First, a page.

NaNoWriMo an abbreviation every writer knows...

National Novel Writing Month, or NaNoWriMo, is happening through November. The idea behind the project is to give writers the opportunity to write a large work on a deadline and to have the support of their peers throughout the process. The goal is to achieve 50,000 written words between the span of November 1 and November 30. Just thirty days to write 50,000 words. To give a rough estimate of the size of the project, that’s the size of a slim novel. The project is not only open to established writers, but encourages any creative individual who has an idea to partake in the contest. An excerpt from NaNoWriMo’s site reveals that last year: “310,095 participants started the month of November as auto mechanics, out-of-work actors, and middle school English teachers. They walked away novelists.” The structure provided by the project is what helps new writers the most. With their step-by-step contribution scheme, NaNoWriMo encourages continual work from the aspiring author, asking for daily word counts, providing inspirational content or meeting grounds in order to help with writers block. Finally the site asks the writer to submit a full text of their manuscript for validation. This process confirms that the writer did in fact write 50,000 original words and once validated, the writer ‘wins.’ There are no official prizes other than a feeling of satisfaction. So winning of course means that the participants have completed the word count and are now in possession of a first draft of a novel. The publishing world considers a novel to be anything larger than 50,000 words. This also means that there can be more than one winner in every National Novel Writing Month. The worldwide contest has few restrictions and the possibility for writing content is really...

Introducing Salvatore Ventura...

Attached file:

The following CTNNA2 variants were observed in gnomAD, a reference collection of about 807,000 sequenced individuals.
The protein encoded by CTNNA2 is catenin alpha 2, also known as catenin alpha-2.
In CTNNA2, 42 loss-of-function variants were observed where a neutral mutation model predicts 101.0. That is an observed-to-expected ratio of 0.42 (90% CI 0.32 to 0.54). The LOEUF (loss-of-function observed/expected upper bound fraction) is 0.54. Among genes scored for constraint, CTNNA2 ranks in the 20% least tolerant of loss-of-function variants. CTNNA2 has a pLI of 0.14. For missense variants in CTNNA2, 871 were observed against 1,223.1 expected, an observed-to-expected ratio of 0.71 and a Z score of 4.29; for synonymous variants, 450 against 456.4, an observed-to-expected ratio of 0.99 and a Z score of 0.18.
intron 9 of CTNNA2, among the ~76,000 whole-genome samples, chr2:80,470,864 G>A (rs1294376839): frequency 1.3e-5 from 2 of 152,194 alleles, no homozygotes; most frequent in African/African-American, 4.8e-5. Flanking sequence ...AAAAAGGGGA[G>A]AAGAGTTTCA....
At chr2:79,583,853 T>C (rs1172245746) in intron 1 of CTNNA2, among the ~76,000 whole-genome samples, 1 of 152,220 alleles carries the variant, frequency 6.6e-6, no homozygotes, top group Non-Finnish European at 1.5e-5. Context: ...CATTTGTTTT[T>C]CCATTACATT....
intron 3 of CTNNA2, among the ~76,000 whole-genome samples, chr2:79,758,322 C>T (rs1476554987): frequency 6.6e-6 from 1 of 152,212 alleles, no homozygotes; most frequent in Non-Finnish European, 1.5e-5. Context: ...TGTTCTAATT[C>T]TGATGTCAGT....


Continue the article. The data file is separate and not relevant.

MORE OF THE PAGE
After moving from Europe to the Bay Area, Salvatore Ventura soon discovered his love for photography. Over the past decade he has explored various photography styles ranging from natural landscapes to personal portraits, and documented several local events. While working in high tech startups, Salvatore takes on photography assignments to keep in balance with his artistic side. We spoke with Salvatore about his experiences in the field of photography: What is it about photography that first gained your attention? Salvatore: I think it’s the mix between dream and reality that can be achieved within a picture. It’s powerful and sophisticated, yet so simple at once. What type of training/schooling did you receive to learn how to do this? Salvatore: I am mostly self-trained. I did read plenty, and still do, on technique, lighting, composition and colors, and of course, decoding works of great photographers. What type of equipment do you use? Salvatore: I started photography in the digital world, beginning my exploration with a point-and-shoot, and then evolving into a DSLR. I currently work with a Nikon D600. Do you use any digital post-processing? Salvatore:  Yes. Mainly around sharpening, color balance and cropping. Then of course there are special effects, to add a more distinctive accent on some shots, but it all depends. Some cases call for deeper edits. You only have female models in your current portfolio. Is that by choice? Salvatore: There are generally more female models than male, so it is easier  to work with them. But I have planned projects with male models, just haven’t had a chance to work on them yet. What is your favorite subject to photograph? Salvatore: People. Working on projects with models is by far my favorite. Travel photography, and landscapes are next. Do you...